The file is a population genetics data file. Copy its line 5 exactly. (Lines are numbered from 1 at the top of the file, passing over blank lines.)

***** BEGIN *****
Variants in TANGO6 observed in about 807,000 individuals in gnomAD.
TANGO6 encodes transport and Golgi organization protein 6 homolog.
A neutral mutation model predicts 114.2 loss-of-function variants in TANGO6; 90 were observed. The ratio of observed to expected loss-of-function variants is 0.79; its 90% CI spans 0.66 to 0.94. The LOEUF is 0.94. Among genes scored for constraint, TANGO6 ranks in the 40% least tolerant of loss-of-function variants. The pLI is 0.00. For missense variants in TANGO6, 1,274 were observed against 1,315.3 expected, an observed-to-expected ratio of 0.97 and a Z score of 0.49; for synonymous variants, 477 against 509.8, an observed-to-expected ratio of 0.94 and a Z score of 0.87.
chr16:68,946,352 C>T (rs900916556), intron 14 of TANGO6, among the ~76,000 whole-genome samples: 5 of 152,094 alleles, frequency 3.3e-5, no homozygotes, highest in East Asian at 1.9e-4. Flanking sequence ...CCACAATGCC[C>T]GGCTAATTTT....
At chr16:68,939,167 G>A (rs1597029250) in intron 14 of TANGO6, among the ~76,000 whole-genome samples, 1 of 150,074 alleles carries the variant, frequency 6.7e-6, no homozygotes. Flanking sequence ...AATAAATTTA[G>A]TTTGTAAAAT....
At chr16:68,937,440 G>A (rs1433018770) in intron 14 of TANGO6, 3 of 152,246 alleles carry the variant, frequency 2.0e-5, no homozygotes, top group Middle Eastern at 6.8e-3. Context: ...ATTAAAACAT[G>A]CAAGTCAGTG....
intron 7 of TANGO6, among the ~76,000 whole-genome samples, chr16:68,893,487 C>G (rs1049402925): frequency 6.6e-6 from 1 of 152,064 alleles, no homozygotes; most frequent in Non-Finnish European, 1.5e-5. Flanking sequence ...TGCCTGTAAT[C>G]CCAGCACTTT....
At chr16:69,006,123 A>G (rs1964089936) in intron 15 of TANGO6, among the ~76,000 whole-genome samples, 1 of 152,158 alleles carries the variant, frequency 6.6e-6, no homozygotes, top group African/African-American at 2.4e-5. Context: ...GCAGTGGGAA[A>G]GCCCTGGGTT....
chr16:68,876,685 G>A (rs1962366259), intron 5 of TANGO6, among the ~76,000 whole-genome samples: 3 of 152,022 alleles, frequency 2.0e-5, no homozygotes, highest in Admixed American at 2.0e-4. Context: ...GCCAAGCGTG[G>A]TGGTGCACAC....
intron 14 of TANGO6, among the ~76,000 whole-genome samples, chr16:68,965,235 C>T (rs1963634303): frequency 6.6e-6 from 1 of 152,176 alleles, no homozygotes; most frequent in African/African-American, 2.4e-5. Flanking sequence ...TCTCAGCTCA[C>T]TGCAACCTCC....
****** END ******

At chr16:68,939,167 G>A (rs1597029250) in intron 14 of TANGO6, among the ~76,000 whole-genome samples, 1 of 150,074 alleles carries the variant, frequency 6.7e-6, no homozygotes. Flanking sequence ...AATAAATTTA[G>A]TTTGTAAAAT....